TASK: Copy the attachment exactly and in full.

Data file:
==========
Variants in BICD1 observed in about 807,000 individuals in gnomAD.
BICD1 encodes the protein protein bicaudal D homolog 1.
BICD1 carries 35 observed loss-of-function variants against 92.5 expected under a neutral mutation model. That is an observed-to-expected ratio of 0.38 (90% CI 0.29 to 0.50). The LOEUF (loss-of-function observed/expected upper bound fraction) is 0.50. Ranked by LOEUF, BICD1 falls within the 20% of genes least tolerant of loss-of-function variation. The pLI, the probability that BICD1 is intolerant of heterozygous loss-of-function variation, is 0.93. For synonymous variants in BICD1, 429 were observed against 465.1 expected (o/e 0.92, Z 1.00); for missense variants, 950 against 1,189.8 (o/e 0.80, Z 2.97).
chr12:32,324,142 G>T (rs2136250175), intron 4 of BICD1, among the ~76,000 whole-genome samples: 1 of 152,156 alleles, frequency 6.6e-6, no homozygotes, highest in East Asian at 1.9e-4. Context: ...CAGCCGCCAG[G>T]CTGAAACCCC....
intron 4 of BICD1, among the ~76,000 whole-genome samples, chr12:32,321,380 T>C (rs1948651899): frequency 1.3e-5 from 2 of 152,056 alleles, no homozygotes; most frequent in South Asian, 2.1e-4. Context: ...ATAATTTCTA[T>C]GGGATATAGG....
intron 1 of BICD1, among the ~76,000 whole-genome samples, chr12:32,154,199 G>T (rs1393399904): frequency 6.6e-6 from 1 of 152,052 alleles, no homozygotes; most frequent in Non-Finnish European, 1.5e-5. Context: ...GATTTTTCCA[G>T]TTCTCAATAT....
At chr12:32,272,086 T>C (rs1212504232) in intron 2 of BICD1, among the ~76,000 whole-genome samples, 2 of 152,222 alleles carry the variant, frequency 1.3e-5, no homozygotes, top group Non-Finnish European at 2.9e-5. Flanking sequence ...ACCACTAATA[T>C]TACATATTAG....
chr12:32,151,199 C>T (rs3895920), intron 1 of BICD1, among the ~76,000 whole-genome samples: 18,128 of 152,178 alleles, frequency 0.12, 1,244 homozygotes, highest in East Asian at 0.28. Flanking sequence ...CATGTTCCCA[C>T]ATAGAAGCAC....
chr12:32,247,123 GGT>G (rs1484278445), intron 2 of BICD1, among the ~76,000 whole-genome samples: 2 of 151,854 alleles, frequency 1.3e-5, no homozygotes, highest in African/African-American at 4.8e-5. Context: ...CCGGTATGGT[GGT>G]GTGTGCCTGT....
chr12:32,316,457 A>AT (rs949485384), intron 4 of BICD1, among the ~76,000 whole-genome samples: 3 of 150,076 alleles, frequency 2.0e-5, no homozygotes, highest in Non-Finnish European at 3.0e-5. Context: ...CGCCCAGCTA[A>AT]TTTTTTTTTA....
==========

Variants in BICD1 observed in about 807,000 individuals in gnomAD.
BICD1 encodes the protein protein bicaudal D homolog 1.
BICD1 carries 35 observed loss-of-function variants against 92.5 expected under a neutral mutation model. That is an observed-to-expected ratio of 0.38 (90% CI 0.29 to 0.50). The LOEUF (loss-of-function observed/expected upper bound fraction) is 0.50. Ranked by LOEUF, BICD1 falls within the 20% of genes least tolerant of loss-of-function variation. The pLI, the probability that BICD1 is intolerant of heterozygous loss-of-function variation, is 0.93. For synonymous variants in BICD1, 429 were observed against 465.1 expected (o/e 0.92, Z 1.00); for missense variants, 950 against 1,189.8 (o/e 0.80, Z 2.97).
chr12:32,324,142 G>T (rs2136250175), intron 4 of BICD1, among the ~76,000 whole-genome samples: 1 of 152,156 alleles, frequency 6.6e-6, no homozygotes, highest in East Asian at 1.9e-4. Context: ...CAGCCGCCAG[G>T]CTGAAACCCC....
intron 4 of BICD1, among the ~76,000 whole-genome samples, chr12:32,321,380 T>C (rs1948651899): frequency 1.3e-5 from 2 of 152,056 alleles, no homozygotes; most frequent in South Asian, 2.1e-4. Context: ...ATAATTTCTA[T>C]GGGATATAGG....
intron 1 of BICD1, among the ~76,000 whole-genome samples, chr12:32,154,199 G>T (rs1393399904): frequency 6.6e-6 from 1 of 152,052 alleles, no homozygotes; most frequent in Non-Finnish European, 1.5e-5. Context: ...GATTTTTCCA[G>T]TTCTCAATAT....
At chr12:32,272,086 T>C (rs1212504232) in intron 2 of BICD1, among the ~76,000 whole-genome samples, 2 of 152,222 alleles carry the variant, frequency 1.3e-5, no homozygotes, top group Non-Finnish European at 2.9e-5. Flanking sequence ...ACCACTAATA[T>C]TACATATTAG....
chr12:32,151,199 C>T (rs3895920), intron 1 of BICD1, among the ~76,000 whole-genome samples: 18,128 of 152,178 alleles, frequency 0.12, 1,244 homozygotes, highest in East Asian at 0.28. Flanking sequence ...CATGTTCCCA[C>T]ATAGAAGCAC....
chr12:32,247,123 GGT>G (rs1484278445), intron 2 of BICD1, among the ~76,000 whole-genome samples: 2 of 151,854 alleles, frequency 1.3e-5, no homozygotes, highest in African/African-American at 4.8e-5. Context: ...CCGGTATGGT[GGT>G]GTGTGCCTGT....
chr12:32,316,457 A>AT (rs949485384), intron 4 of BICD1, among the ~76,000 whole-genome samples: 3 of 150,076 alleles, frequency 2.0e-5, no homozygotes, highest in Non-Finnish European at 3.0e-5. Context: ...CGCCCAGCTA[A>AT]TTTTTTTTTA....